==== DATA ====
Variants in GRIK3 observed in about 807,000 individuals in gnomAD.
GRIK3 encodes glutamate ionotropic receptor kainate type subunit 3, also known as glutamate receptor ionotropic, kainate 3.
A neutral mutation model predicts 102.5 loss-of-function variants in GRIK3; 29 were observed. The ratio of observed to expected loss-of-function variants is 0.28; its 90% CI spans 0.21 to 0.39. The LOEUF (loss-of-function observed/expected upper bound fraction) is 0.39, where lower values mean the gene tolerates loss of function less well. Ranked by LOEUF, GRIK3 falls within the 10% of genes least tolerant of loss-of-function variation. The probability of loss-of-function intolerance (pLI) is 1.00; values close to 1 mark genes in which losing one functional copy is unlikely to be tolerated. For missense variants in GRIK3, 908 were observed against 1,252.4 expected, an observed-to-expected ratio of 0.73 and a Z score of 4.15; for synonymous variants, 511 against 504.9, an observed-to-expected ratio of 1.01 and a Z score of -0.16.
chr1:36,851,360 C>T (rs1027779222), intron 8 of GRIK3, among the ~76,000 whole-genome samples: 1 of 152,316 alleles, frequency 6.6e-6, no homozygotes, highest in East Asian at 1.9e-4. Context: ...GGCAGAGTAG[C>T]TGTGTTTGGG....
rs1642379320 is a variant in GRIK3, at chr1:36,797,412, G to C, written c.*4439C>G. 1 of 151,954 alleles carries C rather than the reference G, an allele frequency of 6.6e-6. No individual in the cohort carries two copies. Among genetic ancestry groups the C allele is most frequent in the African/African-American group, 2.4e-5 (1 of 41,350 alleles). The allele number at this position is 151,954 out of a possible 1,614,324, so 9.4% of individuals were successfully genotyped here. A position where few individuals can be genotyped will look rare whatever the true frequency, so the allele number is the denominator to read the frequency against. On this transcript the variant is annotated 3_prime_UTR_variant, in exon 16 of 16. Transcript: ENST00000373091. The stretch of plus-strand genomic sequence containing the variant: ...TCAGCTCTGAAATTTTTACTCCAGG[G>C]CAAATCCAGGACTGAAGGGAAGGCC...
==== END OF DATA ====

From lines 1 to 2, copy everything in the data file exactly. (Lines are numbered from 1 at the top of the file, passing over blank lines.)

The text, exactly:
Variants in GRIK3 observed in about 807,000 individuals in gnomAD.
GRIK3 encodes glutamate ionotropic receptor kainate type subunit 3, also known as glutamate receptor ionotropic, kainate 3.